By a News Reporter-Staff News Editor at Health & Medicine Week -- New research on Health and Medicine is the subject of a report. According to news reporting originating from Melbourne, Australia, by NewsRx correspondents, research stated, "Children with hearing impairments, especially those using hearing devices such as the cochlear implant (CI) or hearing aid (HA), are sometimes not encouraged to attend music classes, as they or their parents and teachers may be unsure whether the child can perform basic musical tasks. The objective of the current study was to provide a baseline for the performance of children using CIs and HAs on standardized tests of rhythm and pitch perception as well as an instrument timbre identification task."
Our news editors obtained a quote from the research, "An additional aim was to determine the effect of structured music training on these measures during the course of a school year. The Intermediate Measures of Music Audiation (IMMA) Tonal and Rhythmic subtests were administered four times, with 6 wk between tests. All children in the study were also enrolled in 'Music Club' teaching sessions. Measures were compared between groups and across the four testing sessions. Twenty children from a single school in Melbourne, Australia, were recruited. Eleven (four girls) had impaired hearing, including six with a unilateral CI or CI and HA together (two girls) and five with bilateral HAs (two girls). Nine were normally hearing, selected to match the age and gender of the hearing-impaired children. Ages ranged from 9-13 yr. All children participated in a weekly Music Club--a 45 min session of musical activities based around vocal play and the integration of aural, visual, and kinesthetic modes of learning. Audiological data were collected from clinical files. IMMA scores were converted to percentile ranks using published norms. Between-group differences were tested using repeated-measures analysis of variance, and between-session differences were tested using a linear mixed model. Linear regression was used to model the effect of hearing loss on the test scores. In the first session, normally hearing children had a mean percentile rank of ?50 in both the Tonal and Rhythmic subtests of the IMMA. Children using CIs showed trends toward lower scores in the Tonal, but not the Rhythmic, subtests. No significant improvements were found between sessions. In the timbre test, children generally made fewer errors within the set of percussive compared to nonpercussive instruments. The hearing loss level partially predicted performance in the Tonal, but not the Rhythmic, task, and predictions were more significant for nonpercussive compared to percussive instruments. The findings highlight the importance of temporal cues in the perception of music, and indicate that temporal cues may be used by children with CIs and HAs in the perception of not only rhythm, but also of some aspects of timbre. We were not able to link participation in the Music Club with increased scores on the Tonal, Rhythmic, and Timbre tests."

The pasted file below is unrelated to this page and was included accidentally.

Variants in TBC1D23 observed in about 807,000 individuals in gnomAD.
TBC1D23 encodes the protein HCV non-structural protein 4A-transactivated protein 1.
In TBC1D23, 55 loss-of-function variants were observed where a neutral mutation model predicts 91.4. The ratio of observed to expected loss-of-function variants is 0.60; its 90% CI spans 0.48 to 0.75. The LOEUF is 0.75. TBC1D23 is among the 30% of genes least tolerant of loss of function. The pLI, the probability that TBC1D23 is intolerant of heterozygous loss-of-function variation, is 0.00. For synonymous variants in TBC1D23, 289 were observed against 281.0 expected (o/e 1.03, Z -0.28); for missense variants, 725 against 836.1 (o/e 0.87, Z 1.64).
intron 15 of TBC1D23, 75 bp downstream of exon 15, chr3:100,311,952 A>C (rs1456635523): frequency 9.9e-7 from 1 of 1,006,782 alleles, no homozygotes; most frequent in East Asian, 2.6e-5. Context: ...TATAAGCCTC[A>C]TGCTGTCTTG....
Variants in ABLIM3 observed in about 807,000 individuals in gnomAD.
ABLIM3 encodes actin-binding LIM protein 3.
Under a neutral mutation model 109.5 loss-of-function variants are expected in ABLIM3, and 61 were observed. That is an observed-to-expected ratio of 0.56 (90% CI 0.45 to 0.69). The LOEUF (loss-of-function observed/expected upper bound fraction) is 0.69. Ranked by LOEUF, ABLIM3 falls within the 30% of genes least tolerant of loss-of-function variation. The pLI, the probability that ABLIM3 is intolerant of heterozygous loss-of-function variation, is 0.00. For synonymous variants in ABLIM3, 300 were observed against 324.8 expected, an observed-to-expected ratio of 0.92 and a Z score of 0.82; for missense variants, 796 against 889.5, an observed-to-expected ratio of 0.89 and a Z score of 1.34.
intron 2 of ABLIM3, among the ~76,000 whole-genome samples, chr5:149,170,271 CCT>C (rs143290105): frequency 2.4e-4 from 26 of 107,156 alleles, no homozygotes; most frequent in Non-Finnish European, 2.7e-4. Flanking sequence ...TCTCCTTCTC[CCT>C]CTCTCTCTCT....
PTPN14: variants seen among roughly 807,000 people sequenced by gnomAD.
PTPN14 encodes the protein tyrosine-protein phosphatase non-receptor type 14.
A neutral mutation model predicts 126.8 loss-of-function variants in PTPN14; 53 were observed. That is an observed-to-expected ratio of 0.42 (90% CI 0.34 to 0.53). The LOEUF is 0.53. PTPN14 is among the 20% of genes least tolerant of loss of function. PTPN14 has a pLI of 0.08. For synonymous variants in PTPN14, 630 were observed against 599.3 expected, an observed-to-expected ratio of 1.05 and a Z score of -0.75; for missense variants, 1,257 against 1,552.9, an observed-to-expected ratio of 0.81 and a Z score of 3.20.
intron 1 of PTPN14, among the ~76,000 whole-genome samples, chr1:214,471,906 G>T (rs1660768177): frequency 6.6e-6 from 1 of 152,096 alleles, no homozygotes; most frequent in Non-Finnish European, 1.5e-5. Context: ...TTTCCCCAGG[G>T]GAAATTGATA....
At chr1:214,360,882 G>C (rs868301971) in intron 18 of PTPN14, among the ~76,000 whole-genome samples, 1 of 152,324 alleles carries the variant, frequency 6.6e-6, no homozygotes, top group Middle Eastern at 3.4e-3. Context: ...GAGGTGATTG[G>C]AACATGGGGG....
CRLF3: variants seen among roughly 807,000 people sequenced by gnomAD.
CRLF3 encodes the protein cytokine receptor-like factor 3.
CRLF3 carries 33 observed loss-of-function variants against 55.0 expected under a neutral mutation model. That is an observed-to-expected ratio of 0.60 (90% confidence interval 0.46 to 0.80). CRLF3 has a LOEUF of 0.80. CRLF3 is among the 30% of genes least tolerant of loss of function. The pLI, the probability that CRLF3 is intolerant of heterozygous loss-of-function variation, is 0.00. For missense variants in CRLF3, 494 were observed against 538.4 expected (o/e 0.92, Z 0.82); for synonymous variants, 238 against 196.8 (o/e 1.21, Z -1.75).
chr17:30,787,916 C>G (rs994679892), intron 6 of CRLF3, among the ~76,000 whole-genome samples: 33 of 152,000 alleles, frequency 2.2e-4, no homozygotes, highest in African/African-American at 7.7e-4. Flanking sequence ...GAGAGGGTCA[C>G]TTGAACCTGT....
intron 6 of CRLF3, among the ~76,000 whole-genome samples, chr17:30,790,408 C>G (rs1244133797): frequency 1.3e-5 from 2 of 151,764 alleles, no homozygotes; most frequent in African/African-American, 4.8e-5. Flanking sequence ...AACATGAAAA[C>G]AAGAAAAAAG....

According to the news editors, the research concluded: "However, anecdotal evidence from the children and their teachers suggested a wide range of benefits from participation in the Music Club that extended from increased engagement and interest in music classes into the children's social situations."
For more information on this research see: Tone, rhythm, and timbre perception in school-age children using cochlear implants and hearing aids. Journal of the American Academy of Audiology, 2013;24(9):789-806 (see also Health and Medicine).
The news editors report that additional information may be obtained by contacting H. Innes-Brown, Bionics Institute, Melbourne, Australia. Additional authors for this research include J.P. Marozeau, C.M. Storey and P.J Blamey.
Keywords for this news article include: Melbourne, Health and Medicine, Australia and New Zealand.
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